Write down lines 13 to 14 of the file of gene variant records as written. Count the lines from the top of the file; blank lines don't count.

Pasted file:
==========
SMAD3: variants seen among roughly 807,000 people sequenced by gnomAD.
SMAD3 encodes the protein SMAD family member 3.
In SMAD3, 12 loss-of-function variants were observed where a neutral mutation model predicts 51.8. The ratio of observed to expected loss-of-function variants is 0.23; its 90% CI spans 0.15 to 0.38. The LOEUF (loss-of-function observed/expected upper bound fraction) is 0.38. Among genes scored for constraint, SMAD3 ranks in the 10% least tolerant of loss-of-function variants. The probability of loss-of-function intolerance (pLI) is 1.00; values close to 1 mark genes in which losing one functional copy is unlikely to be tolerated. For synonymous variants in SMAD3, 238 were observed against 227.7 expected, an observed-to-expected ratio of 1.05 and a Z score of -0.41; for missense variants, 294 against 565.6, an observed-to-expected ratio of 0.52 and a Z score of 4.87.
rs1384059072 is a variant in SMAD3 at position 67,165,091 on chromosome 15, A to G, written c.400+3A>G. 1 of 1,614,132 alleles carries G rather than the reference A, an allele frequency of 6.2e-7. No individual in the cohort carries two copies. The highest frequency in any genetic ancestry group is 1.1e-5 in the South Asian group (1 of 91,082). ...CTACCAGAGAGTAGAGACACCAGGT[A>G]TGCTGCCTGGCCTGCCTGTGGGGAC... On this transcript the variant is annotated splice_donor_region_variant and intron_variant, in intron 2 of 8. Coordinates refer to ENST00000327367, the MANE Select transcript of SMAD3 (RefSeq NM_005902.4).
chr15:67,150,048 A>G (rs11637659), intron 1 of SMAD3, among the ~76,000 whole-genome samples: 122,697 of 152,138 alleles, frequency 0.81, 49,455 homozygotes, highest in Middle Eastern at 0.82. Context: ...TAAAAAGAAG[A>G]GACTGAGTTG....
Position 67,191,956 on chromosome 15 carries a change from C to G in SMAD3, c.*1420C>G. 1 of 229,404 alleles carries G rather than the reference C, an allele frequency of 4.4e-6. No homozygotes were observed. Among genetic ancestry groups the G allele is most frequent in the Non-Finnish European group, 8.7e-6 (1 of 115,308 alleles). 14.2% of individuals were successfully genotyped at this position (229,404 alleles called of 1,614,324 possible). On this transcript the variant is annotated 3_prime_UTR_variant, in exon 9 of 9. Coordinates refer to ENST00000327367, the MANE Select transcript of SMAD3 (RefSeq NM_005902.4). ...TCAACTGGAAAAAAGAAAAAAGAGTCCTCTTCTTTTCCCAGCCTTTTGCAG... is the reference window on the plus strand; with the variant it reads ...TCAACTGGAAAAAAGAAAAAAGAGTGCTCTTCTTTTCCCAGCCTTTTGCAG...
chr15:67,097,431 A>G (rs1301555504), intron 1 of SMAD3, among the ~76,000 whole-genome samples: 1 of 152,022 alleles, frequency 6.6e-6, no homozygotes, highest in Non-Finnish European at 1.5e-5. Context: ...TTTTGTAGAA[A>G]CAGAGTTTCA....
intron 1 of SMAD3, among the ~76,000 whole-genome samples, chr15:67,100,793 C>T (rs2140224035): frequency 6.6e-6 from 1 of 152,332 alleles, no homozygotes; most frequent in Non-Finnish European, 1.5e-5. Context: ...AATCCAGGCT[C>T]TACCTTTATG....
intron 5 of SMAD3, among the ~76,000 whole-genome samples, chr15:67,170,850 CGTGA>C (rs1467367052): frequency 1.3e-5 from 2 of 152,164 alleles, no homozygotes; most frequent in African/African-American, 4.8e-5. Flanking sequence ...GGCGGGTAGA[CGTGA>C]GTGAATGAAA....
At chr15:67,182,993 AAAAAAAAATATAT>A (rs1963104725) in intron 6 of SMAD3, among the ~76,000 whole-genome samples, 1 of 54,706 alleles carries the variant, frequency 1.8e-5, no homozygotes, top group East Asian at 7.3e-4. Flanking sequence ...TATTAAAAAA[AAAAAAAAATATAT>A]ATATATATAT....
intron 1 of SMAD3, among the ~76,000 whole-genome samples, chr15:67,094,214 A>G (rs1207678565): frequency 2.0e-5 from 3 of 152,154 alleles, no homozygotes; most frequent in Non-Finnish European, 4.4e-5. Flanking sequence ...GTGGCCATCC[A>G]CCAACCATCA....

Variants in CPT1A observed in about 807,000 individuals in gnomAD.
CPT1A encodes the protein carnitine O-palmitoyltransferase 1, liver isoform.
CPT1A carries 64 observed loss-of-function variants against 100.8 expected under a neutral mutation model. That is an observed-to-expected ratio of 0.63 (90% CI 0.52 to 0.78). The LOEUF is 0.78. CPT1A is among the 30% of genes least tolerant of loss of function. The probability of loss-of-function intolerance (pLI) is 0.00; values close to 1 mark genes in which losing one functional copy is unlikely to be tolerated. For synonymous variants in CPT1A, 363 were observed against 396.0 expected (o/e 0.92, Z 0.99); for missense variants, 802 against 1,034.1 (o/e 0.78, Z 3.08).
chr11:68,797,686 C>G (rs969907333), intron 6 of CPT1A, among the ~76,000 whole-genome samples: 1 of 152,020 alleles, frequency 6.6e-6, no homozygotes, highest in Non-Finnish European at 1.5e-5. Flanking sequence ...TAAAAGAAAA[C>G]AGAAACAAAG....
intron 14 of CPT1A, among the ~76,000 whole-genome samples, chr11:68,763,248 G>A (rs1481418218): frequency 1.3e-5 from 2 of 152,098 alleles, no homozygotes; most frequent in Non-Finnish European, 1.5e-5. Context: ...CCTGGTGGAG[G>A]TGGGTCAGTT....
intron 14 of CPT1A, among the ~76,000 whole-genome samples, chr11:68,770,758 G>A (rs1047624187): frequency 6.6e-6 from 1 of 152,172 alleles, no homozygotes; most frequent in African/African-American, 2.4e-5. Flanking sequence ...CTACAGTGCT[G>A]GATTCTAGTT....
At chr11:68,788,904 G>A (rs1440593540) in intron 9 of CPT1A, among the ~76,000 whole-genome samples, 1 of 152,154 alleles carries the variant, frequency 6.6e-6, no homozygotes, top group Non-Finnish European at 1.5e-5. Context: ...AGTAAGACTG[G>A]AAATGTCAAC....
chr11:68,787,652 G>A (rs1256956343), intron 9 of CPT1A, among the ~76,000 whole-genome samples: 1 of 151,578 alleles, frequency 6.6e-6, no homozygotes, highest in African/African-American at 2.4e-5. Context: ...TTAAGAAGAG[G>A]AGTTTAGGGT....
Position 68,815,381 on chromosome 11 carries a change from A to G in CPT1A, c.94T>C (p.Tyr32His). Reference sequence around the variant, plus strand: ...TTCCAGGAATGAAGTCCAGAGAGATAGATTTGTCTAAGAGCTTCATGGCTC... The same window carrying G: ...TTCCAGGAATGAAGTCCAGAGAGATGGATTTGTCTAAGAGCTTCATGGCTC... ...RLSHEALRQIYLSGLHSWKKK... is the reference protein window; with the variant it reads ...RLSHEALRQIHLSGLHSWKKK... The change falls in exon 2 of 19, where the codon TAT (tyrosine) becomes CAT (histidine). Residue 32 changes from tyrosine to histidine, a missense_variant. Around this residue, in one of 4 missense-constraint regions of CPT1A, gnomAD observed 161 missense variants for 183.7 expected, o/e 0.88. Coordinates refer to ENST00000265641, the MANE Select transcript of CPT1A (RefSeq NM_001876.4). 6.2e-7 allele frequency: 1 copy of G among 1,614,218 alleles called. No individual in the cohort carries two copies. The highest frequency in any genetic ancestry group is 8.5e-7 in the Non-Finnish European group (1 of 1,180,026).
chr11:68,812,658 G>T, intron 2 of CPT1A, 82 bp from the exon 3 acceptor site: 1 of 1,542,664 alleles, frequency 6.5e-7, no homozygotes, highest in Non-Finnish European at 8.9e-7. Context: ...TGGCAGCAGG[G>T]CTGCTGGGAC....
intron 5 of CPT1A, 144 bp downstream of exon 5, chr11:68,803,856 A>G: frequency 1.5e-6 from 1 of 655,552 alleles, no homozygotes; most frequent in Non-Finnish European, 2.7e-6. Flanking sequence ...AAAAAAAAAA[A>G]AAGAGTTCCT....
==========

CPT1A encodes the protein carnitine O-palmitoyltransferase 1, liver isoform.
CPT1A carries 64 observed loss-of-function variants against 100.8 expected under a neutral mutation model. That is an observed-to-expected ratio of 0.63 (90% CI 0.52 to 0.78). The LOEUF is 0.78. CPT1A is among the 30% of genes least tolerant of loss of function. The probability of loss-of-function intolerance (pLI) is 0.00; values close to 1 mark genes in which losing one functional copy is unlikely to be tolerated. For synonymous variants in CPT1A, 363 were observed against 396.0 expected (o/e 0.92, Z 0.99); for missense variants, 802 against 1,034.1 (o/e 0.78, Z 3.08).